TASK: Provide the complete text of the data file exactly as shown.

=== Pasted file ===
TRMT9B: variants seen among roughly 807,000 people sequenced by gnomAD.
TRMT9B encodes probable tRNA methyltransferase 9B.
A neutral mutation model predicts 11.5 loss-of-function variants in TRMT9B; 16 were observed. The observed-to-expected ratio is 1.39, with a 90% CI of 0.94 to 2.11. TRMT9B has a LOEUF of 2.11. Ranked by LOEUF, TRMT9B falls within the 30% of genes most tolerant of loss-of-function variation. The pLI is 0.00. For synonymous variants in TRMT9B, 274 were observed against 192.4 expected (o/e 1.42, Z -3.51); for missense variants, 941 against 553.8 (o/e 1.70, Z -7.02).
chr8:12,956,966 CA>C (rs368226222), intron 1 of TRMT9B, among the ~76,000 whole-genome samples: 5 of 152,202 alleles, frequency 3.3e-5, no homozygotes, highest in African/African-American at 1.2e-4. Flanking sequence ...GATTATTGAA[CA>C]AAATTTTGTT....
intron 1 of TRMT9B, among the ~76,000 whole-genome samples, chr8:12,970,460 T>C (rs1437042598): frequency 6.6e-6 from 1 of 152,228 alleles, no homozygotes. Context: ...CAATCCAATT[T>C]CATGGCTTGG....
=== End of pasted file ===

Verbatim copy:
TRMT9B: variants seen among roughly 807,000 people sequenced by gnomAD.
TRMT9B encodes probable tRNA methyltransferase 9B.
A neutral mutation model predicts 11.5 loss-of-function variants in TRMT9B; 16 were observed. The observed-to-expected ratio is 1.39, with a 90% CI of 0.94 to 2.11. TRMT9B has a LOEUF of 2.11. Ranked by LOEUF, TRMT9B falls within the 30% of genes most tolerant of loss-of-function variation. The pLI is 0.00. For synonymous variants in TRMT9B, 274 were observed against 192.4 expected (o/e 1.42, Z -3.51); for missense variants, 941 against 553.8 (o/e 1.70, Z -7.02).
chr8:12,956,966 CA>C (rs368226222), intron 1 of TRMT9B, among the ~76,000 whole-genome samples: 5 of 152,202 alleles, frequency 3.3e-5, no homozygotes, highest in African/African-American at 1.2e-4. Flanking sequence ...GATTATTGAA[CA>C]AAATTTTGTT....
intron 1 of TRMT9B, among the ~76,000 whole-genome samples, chr8:12,970,460 T>C (rs1437042598): frequency 6.6e-6 from 1 of 152,228 alleles, no homozygotes. Context: ...CAATCCAATT[T>C]CATGGCTTGG....